• Availability where and when required for (a) and (b) is a key driver for retention of the truck fleet (as opposed to outsourcing);
• Various private vehicle owners provide “for hire” vehicles to supplement the council vehicles; and
• The existing fleet of 6 trucks has reached the end of its economic life in 2016, and either needs to be substantially upgraded or replaced.
The fleet manager has proposed the following alternatives:
1. New Kenworth fleet;
2. New Freightliner fleet;
3. New Sinotruk fleet; or
4. Overhaul existing fleet;
A cost and performance model has been provided in the form of an Excel spreadsheet.
Options 1, 2, and 3 are based on the premise of disposing of the existing fleet for a $ 50,000 per truck – serving as a deposit on new vehicles. Clearly Option 4 requires that the existing fleet be retained, and re-investment occur.
Most importantly, at the start of each week, new information affecting your choices for the scenario will be released via the announcements, so check your notifications for the updates - you'll need them to undertake the scenario.
Scenario Option Summary
# Option Sub options Advantages Disadvantages/Risks
1 KW T409 Base case Most technically advanced reliable option Excessive capability?
1a Future purchase of dog trailers Specification suitable for dogs
1b Consider # trucks Possible increase in the number of trucks
2 FL CST 112 Base case Advanced option with good reliability but a reduced capital cost compared with (1)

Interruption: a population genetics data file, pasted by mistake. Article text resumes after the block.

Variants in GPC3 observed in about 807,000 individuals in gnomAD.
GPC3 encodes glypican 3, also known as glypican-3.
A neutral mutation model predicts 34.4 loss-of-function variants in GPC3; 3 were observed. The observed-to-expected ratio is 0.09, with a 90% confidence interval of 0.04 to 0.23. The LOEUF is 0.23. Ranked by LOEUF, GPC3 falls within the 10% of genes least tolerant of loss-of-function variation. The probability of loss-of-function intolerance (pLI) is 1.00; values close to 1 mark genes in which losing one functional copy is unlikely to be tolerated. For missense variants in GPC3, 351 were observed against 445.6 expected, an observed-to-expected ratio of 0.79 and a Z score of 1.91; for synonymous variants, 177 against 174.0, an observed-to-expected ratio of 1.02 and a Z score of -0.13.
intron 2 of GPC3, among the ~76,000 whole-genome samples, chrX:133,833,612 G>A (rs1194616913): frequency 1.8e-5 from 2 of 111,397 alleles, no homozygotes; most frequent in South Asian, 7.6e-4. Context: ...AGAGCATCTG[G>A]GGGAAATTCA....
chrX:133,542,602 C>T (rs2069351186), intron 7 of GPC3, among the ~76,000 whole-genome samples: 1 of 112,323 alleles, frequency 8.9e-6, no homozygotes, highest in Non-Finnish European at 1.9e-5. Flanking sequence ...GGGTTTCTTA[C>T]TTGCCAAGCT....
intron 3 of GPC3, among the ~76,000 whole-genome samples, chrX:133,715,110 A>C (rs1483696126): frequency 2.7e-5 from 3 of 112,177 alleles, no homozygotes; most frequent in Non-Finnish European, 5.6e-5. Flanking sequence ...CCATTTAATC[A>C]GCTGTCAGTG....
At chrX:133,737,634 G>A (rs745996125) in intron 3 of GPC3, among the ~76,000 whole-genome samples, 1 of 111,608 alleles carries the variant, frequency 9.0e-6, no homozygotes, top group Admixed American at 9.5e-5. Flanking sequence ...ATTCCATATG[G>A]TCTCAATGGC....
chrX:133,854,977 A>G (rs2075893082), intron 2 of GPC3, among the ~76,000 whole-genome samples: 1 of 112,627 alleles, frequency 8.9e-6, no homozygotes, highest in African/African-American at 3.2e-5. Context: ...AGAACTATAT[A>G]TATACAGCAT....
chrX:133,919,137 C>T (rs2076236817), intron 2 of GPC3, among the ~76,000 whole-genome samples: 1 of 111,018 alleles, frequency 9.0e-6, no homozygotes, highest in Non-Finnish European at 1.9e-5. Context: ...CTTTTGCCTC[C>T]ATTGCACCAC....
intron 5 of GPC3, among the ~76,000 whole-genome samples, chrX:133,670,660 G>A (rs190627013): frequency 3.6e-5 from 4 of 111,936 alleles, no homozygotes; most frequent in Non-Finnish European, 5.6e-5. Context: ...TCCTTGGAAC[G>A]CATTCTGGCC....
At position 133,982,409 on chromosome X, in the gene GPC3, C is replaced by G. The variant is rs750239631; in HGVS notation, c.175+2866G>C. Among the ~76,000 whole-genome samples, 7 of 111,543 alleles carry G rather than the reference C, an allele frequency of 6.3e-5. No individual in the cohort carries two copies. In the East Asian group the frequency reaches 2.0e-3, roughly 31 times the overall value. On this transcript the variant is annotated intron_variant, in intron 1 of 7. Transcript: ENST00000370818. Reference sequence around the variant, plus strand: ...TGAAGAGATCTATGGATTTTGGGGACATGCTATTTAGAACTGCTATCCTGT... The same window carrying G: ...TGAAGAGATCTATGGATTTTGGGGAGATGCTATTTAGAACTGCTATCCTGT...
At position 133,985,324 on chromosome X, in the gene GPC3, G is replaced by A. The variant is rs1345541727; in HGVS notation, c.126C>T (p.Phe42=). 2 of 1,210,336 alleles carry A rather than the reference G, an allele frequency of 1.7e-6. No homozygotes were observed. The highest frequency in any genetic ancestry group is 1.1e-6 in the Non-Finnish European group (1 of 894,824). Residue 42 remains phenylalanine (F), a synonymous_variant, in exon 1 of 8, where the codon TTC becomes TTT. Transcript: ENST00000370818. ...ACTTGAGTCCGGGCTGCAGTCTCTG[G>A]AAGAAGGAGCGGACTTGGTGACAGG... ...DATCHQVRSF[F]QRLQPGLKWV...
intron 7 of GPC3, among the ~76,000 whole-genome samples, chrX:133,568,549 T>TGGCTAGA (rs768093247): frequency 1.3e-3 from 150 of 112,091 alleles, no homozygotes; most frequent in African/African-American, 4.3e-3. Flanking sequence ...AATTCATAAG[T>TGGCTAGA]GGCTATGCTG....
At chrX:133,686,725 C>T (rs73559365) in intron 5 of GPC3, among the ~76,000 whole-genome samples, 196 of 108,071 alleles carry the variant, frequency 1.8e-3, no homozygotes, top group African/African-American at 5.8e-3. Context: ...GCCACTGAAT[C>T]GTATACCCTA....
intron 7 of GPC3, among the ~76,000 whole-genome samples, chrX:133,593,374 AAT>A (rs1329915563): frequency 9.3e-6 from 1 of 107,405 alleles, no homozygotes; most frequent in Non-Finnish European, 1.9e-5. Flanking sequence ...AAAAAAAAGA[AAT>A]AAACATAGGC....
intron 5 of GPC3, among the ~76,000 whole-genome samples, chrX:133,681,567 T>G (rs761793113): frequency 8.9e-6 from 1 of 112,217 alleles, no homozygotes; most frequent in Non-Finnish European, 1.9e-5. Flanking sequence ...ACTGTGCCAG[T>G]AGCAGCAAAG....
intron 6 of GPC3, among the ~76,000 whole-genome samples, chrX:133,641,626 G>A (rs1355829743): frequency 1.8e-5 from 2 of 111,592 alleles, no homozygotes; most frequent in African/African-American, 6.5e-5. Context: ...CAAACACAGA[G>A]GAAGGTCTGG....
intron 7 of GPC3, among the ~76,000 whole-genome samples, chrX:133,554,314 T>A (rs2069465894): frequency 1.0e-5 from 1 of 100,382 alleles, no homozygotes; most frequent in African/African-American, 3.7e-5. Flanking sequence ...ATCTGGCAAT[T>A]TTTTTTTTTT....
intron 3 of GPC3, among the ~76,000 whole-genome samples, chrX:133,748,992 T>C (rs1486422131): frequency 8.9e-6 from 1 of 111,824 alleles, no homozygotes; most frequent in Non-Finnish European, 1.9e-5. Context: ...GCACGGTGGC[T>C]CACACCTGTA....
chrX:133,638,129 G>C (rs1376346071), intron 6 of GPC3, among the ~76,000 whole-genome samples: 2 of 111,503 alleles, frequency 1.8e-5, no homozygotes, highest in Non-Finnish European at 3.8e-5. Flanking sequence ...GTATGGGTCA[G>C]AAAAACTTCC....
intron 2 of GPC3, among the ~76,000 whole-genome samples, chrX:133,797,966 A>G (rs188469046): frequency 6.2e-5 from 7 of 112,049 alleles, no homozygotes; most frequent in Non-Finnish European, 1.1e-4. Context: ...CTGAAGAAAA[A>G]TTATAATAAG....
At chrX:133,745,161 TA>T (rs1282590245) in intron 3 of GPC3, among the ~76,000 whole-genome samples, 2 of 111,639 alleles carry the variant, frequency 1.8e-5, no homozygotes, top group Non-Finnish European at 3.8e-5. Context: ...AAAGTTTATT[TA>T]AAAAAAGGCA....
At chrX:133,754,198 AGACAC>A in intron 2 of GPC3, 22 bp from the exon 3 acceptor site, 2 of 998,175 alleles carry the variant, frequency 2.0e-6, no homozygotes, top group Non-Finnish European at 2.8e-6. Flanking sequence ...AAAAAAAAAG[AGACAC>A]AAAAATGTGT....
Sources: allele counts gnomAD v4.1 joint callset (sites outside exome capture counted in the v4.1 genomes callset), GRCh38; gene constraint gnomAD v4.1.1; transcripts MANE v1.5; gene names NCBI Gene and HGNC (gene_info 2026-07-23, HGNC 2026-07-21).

2a Future purchase of dog trailers requires upgrade of drive train Retains advantage of using dogs in the future, albeit at an increased upgrade cost.
2b Consider # trucks Possible increase in the number of trucks
3 SinoTruk Base case Fully imported from China, this option represents a significant reduction in the base capital cost, even after post arrival modifications and certification Some concerns around reliability exist, and the certification requirements are an estimate only. It is not possible to obtain certification for upgrading these units to tow dog trailers.
3a Consider # trucks Possible increase in the number of trucks Possibly consider purchase of additional truck to address above risk, with the upside being additional capability.
4a Existing Hino fleet Motor re-build Lowest cost extension of service. Fleet upgrade options can be revisited in 2 years Financing not available, so will need to be funded from existing revenues (unplanned) Reliability already becoming an issue. Less availability during rebuilds
4b Existing Hino fleet Drive train rebuild in 2019
Scenario – Key Tips
Some key tips for engagement with the scenario are:
1. Do not treat the scenario as a spreadsheet optimization exercise, as this will draw you into detail that will obscure the broader issues being explored.
2. Week 1 – identify selection criteria/basis for key decisions, then reflect on this basis (with particular reference to the framework documents) in your response in week 7. Stick with the strategy you adopt in week 1. If you identify significant issues with your strategy in the end, address that in the week 7 reflections.
3. How will your decisions affect your team, and how will you go about “selling” your decisions to other stakeholders.
4. Refer to the framework documents for guidance as you make your decisions.
5. Consider how solution adjustments affect financial results.
6. Does the framing of the scenario represent reality? How could different framing of the same situation change your answers.
7. At the end of the scenario, consider your recommendations for the next truck asset renewal programme.
You can use any calculator you find online.